HEAPOW: Jet Speed (2018 Aug 06)

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bystander
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HEAPOW: Jet Speed (2018 Aug 06)

Post by bystander » Mon Aug 06, 2018 5:38 pm

Image HEAPOW: Jet Speed (2018 Aug 06)

Enormous jets of particles and radiation often seen emanating from external galaxies point to a deep dark astrophysical secret: the presence of a supermassive, actively feeding black hole lurking near the galactic center. Such supermassive black holes contain the mass equivalent of millions, or billions, of suns packed into a space no larger in radius than the orbit of Uranus. It's almost unbelievable to think that these tiny regions produce powerful partcle beams, sometimes driven for hundreds of thousand of light-years deep into intergalactic space. All this energy is believed to be the result of the accretion of galactic material by the black hole. How the black hole converts the ingest of matter to a strong, narrow outflowing particle beam is still not fully understood. Apparent mysteries abound, like the jets that seem to speed through space at velocities faster than light (understood now as some weird relativistic optical illusion). The radio galaxy 3C31 (NGC 383) shows a spectacular example of a kinky radio jet speeding away from the black hole at the center of the galaxy, and evidently changing velocity and direction as it hits material lying outside the galaxy. The image above shows an optical image of NGC 383, with a Chandra X-ray Telescope image (in blue) superimposed. The X-ray image shows energetic emission from the body of the galaxy itself, and clearly shows a jet-like structure of X-rays extending towards the top of the image. The X-ray emission from with this part of the jet provide unique clues about the nature of the jet at this critical juncture, where it appears to be changing most rapidly. This image was re-released as part of the Chandra Archives Collection in honor of American Archives Month.

CXC: Chandra Archive Collection (2016)
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Ann
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Re: HEAPOW: Jet Speed (2018 Aug 06)

Post by Ann » Tue Aug 07, 2018 5:19 am

The optical image used for the composite optical/X-ray image of NGC 838 is a Hubble Legacy Archive image processed by Geck.

Do read Geck's comment on the Wikipedia page, where she notes that the number 838 is a palindromic prime number.

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Chris Peterson
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Re: HEAPOW: Jet Speed (2018 Aug 06)

Post by Chris Peterson » Tue Aug 07, 2018 5:40 am

Ann wrote:
Tue Aug 07, 2018 5:19 am

The optical image used for the composite optical/X-ray image of NGC 838 is a Hubble Legacy Archive image processed by Geck.

Do read Geck's comment on the Wikipedia page, where she notes that the number 838 is a palindromic prime number.
383. 838 is obviously not prime (even if it is palindomic)!
Chris

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Ann
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Re: HEAPOW: Jet Speed (2018 Aug 06)

Post by Ann » Tue Aug 07, 2018 9:30 am

Chris Peterson wrote:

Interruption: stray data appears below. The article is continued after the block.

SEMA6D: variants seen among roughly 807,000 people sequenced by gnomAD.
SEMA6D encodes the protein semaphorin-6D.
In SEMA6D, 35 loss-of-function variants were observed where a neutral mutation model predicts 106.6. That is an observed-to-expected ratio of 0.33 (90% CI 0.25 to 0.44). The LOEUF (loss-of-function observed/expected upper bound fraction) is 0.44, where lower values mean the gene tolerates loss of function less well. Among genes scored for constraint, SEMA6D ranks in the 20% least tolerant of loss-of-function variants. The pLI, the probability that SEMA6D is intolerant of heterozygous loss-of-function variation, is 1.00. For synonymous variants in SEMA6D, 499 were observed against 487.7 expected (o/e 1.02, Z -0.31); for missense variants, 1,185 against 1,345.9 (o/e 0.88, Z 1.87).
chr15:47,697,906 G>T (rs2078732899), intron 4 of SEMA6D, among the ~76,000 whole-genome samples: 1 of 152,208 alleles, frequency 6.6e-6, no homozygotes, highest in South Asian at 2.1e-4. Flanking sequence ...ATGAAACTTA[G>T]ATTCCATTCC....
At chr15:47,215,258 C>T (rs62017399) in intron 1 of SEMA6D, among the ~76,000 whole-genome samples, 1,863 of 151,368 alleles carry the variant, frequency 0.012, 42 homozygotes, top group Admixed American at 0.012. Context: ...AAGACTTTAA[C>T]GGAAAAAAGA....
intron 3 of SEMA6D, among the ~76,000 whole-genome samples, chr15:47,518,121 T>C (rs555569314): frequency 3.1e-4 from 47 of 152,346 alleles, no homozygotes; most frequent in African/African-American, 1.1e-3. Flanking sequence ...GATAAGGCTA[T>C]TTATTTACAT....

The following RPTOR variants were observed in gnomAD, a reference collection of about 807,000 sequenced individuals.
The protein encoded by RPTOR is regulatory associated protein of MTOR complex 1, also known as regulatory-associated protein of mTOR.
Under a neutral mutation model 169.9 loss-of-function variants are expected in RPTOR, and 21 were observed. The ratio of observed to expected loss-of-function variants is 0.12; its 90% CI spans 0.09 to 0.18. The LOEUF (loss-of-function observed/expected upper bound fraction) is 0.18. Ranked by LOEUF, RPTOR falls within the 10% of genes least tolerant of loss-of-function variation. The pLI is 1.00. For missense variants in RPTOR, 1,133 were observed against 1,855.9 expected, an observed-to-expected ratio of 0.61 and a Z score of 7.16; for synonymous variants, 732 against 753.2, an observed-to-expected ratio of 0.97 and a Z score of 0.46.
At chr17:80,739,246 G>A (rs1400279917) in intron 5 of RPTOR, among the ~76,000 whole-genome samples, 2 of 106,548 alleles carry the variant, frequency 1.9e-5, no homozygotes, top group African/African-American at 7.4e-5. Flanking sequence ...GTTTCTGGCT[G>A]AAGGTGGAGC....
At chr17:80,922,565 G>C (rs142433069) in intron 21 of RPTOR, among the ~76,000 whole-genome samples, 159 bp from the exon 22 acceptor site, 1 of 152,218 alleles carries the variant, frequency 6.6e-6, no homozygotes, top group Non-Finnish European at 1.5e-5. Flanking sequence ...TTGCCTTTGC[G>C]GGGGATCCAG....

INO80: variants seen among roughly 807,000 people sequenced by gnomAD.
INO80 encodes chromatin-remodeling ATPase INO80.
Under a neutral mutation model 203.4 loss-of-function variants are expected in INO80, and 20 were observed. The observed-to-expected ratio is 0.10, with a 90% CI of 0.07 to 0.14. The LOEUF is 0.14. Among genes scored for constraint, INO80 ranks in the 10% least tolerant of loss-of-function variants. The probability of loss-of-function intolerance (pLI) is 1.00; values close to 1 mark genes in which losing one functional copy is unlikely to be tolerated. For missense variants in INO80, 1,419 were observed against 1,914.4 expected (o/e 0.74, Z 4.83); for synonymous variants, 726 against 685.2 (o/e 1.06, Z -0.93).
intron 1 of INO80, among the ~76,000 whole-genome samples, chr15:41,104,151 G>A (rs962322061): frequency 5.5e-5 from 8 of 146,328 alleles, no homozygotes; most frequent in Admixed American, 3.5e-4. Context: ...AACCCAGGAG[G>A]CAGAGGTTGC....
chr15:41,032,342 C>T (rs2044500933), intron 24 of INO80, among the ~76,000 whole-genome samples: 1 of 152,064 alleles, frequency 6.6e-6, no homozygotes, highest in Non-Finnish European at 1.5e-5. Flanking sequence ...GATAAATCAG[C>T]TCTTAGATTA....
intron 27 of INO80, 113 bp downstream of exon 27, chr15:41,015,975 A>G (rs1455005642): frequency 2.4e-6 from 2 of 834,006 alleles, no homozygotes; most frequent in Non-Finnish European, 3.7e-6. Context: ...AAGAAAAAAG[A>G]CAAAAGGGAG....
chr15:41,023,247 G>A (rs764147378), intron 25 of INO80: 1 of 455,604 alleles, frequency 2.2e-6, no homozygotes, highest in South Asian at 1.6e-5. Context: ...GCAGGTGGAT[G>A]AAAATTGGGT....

Tue Aug 07, 2018 5:40 am
Ann wrote:
Tue Aug 07, 2018 5:19 am

The optical image used for the composite optical/X-ray image of NGC 838 is a Hubble Legacy Archive image processed by Geck.

Do read Geck's comment on the Wikipedia page, where she notes that the number 838 is a palindromic prime number.
383. 838 is obviously not prime (even if it is palindomic)!
Ah. I keep thinking of V838 Monocerotis. :evil:

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geckzilla
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Re: HEAPOW: Jet Speed (2018 Aug 06)

Post by geckzilla » Wed Aug 08, 2018 2:27 pm

I so do not remember that discussion on palindromic prime numbers or why I would be looking up galaxies with such designations... but this x-ray image is really something! I gotta remember to do more Chandra processing.
Just call me "geck" because "zilla" is like a last name.

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Re: HEAPOW: Jet Speed (2018 Aug 06)

Post by neufer » Wed Aug 08, 2018 3:02 pm

Chris Peterson wrote:
Tue Aug 07, 2018 5:40 am
Ann wrote:
Tue Aug 07, 2018 5:19 am

The optical image used for the composite optical/X-ray image of NGC 838 is a Hubble Legacy Archive image processed by Geck.

Do read Geck's comment on the Wikipedia page, where she notes that the number 838 is a palindromic prime number.
383.

838 is obviously not prime (even if it is palindomic [sic])!
https://www.etymonline.com/word/palindrome wrote:
palindrome (n.) "line that reads the same backward and forward," 1620s, from Greek palindromos "a recurrence," literally "a running back." Second element is dromos "a running" (see dromedary); first is palin "again, back."

dromedary (n.) late 13c., from Old French dromedaire, from Late Latin dromedarius "kind of camel," from Latin dromas (genitive dromados), from Greek dromas kamelos "running camel," from dromos "a race course," from dramein "to run." A variety of the one-humped Arabian camel bred and trained for use as a saddle-animal, "and comparing with the heavier and slower varieties as a race-horse does with a cart-horse."

dome (n.) "round, vaulted roof," 1650s, from French dome (16c.), from Provençal doma, from Greek doma "house, housetop", related to domos "house." In the Middle Ages, German dom and Italian duomo were used for "cathedral" (on the notion of "God's house"), so English began to use this word in the sense "cupola," an architectural feature characteristic of Italian cathedrals.
Art Neuendorffer